Do you give too much?
Hey there Beautiful!
I was scrolling through Facebook the other day and a post really got my attention. So much so that I decided to dedicate a whole podcast episode to it. The post was by Johanna Lynn who I interviewed recently for Episode 30 about how to have challenging conversations with our parents. Her post asked the question, “Do you give too much?”
How can you give too much?
Wait what? How can I give too much? I was intrigued so I kept reading and then did the heavy lifting of actually clicking with my thumb on the “See More” button in the bottom right corner of the post to continue reading. And then I did even more heavy lifting by actually clicking on the link to read her entire article.
Side note: How much work are you doing as a customer?
I use the phrase heavy lifting because I was told a long time ago that in marketing and customer service you want to have your potential client or customer do the least amount of work.
So I apply that to everything!
I apply that philosophy when I go places, such as restaurants, hotels, airlines flights, you name it. I will evaluate customer service based on how much work as a customer I am instructed to do.
How many hoops will I have to jump through?
Or when I go to a website and see how many clicks is it going to take me to get the information that I want.
Or with Apple and updating my apps on my iPhone. The most recent update did something to the App Store so instead of just clicking on the app and then clicking on updates I now have to click on the app, then click on my profile pic in the top right corner, then scroll down to find the “Update” button.
I HATE wasting time and Apple, you are wasting my time.
How much work do you have to do to get what you want?
Okay thank you for your patience with my explanatory rant about the phrase heavy lifting. But now when you are involved in customer service type situations you may view it in a new light and evaluate it by asking yourself the question of, “How much work do I have to do to find what I want?”
We give from a place of emptiness.
So you can see though if I’m doing a bit more work to click through to Johanna’s post then it must be good.
In her post she said, “When we give more than we receive, unconsciously, we do it out of a place of emptiness. We do it to pick up the slack of the other side, to fill in the empty spaces. We do it to ensure that we will never end up alone.”
Wait, what??? What do you mean to ensure that I will never end up alone?
You see, I am a giver.
It makes me feel good to give to others whether it be someone in my family, a friend, or even a stranger that I believe just needed a smile.
Women are givers to the point of detriment.
We will give and give and give, especially to our families, until one day we realize that we are exhausted and worn out from all the giving.
I know I'm not a good receiver.
I feel like I wasn’t always this way.
I can’t put my finger on the exact point or the exact situation that helped me to shut down as a receiver.
I know I used to receive with joy and happiness but now I am a receiver with guilt and a general feeling of being uncomfortable. It’s like I feel that I don’t deserve it.
I believe this is due to some of the places where I have worked. I gave and gave and gave and when it was time to receive, my bosses made it a point to remind me of why I should be giving so much just because they gave me the bare minimum of what any employer should give.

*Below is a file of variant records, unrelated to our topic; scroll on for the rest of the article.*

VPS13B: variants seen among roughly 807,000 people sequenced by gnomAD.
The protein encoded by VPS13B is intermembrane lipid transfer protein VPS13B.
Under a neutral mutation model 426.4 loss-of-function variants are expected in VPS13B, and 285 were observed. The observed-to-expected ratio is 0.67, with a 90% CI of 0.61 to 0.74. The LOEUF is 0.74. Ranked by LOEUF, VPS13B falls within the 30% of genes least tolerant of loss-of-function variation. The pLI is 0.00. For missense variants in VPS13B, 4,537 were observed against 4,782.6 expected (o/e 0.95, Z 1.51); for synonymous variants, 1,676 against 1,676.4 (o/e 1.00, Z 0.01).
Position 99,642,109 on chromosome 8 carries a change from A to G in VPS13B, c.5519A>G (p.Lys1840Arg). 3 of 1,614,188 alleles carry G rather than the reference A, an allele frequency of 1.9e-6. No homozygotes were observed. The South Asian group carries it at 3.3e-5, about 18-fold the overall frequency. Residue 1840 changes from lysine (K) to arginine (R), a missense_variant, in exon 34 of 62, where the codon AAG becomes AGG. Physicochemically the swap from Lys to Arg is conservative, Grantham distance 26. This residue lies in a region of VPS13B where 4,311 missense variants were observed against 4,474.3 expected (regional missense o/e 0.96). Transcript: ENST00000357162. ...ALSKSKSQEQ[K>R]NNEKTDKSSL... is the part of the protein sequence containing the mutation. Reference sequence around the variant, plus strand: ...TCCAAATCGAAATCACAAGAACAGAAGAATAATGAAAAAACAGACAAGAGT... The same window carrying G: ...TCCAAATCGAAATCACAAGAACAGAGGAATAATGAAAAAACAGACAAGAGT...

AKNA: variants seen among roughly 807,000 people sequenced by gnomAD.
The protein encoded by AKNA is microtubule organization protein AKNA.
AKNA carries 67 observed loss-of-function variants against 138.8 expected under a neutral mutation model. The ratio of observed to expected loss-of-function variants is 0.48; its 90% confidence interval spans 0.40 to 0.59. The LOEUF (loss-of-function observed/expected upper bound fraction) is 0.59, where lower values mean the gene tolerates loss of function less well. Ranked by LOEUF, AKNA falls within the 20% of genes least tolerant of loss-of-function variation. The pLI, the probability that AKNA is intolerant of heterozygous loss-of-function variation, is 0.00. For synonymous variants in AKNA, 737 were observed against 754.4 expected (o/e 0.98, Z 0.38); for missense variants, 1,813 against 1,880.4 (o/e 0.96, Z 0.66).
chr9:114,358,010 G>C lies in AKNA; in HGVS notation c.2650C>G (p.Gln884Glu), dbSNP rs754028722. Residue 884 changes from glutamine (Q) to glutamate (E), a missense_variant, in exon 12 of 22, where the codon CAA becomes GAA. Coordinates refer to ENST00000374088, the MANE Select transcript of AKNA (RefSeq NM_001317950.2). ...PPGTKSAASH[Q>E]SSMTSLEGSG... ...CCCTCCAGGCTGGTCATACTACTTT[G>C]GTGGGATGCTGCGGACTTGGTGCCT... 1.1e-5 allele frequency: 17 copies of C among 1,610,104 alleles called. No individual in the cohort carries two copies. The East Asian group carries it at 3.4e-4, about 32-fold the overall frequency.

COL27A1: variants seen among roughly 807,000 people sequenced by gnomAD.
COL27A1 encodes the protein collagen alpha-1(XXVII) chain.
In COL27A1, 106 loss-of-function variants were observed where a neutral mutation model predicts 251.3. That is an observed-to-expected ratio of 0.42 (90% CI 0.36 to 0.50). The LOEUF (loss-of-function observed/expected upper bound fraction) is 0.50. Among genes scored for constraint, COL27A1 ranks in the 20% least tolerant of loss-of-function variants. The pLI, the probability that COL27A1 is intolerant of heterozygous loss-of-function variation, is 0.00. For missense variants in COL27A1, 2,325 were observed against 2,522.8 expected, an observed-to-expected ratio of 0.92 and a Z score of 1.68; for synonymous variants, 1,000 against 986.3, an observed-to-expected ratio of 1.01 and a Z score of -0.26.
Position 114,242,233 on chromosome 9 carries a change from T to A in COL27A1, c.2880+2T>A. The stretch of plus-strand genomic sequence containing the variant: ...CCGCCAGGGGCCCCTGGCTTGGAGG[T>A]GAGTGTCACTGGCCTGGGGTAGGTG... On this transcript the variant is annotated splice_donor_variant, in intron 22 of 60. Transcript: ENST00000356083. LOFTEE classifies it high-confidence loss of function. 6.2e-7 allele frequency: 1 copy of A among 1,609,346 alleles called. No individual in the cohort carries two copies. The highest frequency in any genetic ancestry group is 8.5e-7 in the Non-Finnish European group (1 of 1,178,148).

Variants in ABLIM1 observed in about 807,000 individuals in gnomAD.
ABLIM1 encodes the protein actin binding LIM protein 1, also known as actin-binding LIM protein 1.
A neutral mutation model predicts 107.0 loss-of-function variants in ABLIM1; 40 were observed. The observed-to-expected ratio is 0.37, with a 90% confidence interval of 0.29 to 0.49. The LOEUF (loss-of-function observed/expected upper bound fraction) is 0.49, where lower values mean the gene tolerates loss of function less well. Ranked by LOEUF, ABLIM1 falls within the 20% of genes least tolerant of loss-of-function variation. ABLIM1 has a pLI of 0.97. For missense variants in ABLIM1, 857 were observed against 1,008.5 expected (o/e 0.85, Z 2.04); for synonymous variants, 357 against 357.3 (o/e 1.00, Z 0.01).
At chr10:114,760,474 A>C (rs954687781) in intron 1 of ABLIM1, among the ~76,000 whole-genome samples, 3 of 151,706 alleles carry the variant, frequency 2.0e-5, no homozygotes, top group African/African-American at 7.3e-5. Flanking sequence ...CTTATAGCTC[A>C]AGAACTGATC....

I guess that is partially my fault for over-giving.
For instance, I once requested to leave work early in order to go with my husband to a specialist to find out some really important test results. And my boss asked, “Why? Can’t he go by himself?”’ The way that I see it, if I give and give at a job, when I ask for something like leaving work early to go with my husband to the doctor’s office, I should receive an easy response such as, “Yes of course! Don’t worry about a thing.” I shouldn’t receive push-back and ridiculous questions.
The only question I would accept is, “Is everything okay and is there anything I can do to help?” because that’s what I would ask.
But I know not everyone thinks like me.
My employees will NEVER give to me more than they receive.
That’s why when anyone works for me, I NEVER want them to feel nervous to ask me something that has to do with their family.
Especially when I see how hard they work for me.
I want them to feel comfortable to ask and then easily receive what they asked for from me.
I want to be able to freely and happily give them what they’ve asked for.
I don’t want them feeling any guilt for asking or feel like they have to make it up to me in some way.
And trust me, every time a woman has asked me to take time off with their families, even if it’s just to go to their son’s last holiday party in elementary school, it usually goes something like, “I was wondering if I could leave about 30 minutes early to go to my son’s holiday party next Friday? It’s his last one so I really want to be there. I will be sure to come in early and I hope it’s not too much trouble. I guess I don’t have to go.”
And that’s when I stop her from continuing to make any other excuses of why she doesn’t have to go and just say, “Yes, absolutely. But please stop giving me reasons of why you should or shouldn’t go. Just put it on the calendar. Done.”
Like I said, women are givers to the point of detriment.
And I include myself in that statement because when I read Johanna’s article I immediately felt an a-ha moment. There should be a balance of give and take and I could feel many areas of my life are out of balance.
Again, when we give more than we receive we do it from a place of emptiness.
So again, when we give more than we receive, unconsciously, we do it out of a place of emptiness.